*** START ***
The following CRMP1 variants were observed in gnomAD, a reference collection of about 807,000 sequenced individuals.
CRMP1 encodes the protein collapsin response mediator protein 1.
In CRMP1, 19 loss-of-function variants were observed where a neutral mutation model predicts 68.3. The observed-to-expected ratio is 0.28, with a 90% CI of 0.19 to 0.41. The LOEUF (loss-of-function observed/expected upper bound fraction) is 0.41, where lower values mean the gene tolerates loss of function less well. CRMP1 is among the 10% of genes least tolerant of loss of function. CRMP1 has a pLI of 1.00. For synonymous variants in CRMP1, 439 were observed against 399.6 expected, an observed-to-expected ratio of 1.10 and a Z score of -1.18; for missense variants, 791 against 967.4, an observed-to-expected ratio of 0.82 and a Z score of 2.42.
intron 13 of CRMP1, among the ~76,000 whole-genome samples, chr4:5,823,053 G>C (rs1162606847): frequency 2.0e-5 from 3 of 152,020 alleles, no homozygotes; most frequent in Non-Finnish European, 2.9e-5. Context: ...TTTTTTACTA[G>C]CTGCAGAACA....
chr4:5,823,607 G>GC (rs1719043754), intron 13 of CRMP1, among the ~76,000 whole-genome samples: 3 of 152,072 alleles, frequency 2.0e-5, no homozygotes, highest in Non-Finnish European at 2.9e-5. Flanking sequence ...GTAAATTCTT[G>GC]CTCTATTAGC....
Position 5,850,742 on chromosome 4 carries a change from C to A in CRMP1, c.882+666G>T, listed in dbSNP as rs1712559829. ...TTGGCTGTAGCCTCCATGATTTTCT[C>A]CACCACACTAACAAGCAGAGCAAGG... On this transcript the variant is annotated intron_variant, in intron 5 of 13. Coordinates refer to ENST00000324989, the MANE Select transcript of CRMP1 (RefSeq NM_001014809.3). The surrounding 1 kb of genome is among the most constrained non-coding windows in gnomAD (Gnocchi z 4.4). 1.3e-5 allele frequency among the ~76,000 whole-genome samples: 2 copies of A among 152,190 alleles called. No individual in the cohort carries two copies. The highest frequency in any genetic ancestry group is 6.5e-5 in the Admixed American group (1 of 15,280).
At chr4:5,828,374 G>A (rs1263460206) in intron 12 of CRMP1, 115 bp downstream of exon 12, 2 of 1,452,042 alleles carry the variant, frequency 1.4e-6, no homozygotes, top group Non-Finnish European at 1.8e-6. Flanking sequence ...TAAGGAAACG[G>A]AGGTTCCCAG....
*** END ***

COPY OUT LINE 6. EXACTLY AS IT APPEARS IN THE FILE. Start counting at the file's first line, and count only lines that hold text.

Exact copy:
Position 5,850,742 on chromosome 4 carries a change from C to A in CRMP1, c.882+666G>T, listed in dbSNP as rs1712559829. ...TTGGCTGTAGCCTCCATGATTTTCT[C>A]CACCACACTAACAAGCAGAGCAAGG... On this transcript the variant is annotated intron_variant, in intron 5 of 13. Coordinates refer to ENST00000324989, the MANE Select transcript of CRMP1 (RefSeq NM_001014809.3). The surrounding 1 kb of genome is among the most constrained non-coding windows in gnomAD (Gnocchi z 4.4). 1.3e-5 allele frequency among the ~76,000 whole-genome samples: 2 copies of A among 152,190 alleles called. No individual in the cohort carries two copies. The highest frequency in any genetic ancestry group is 6.5e-5 in the Admixed American group (1 of 15,280).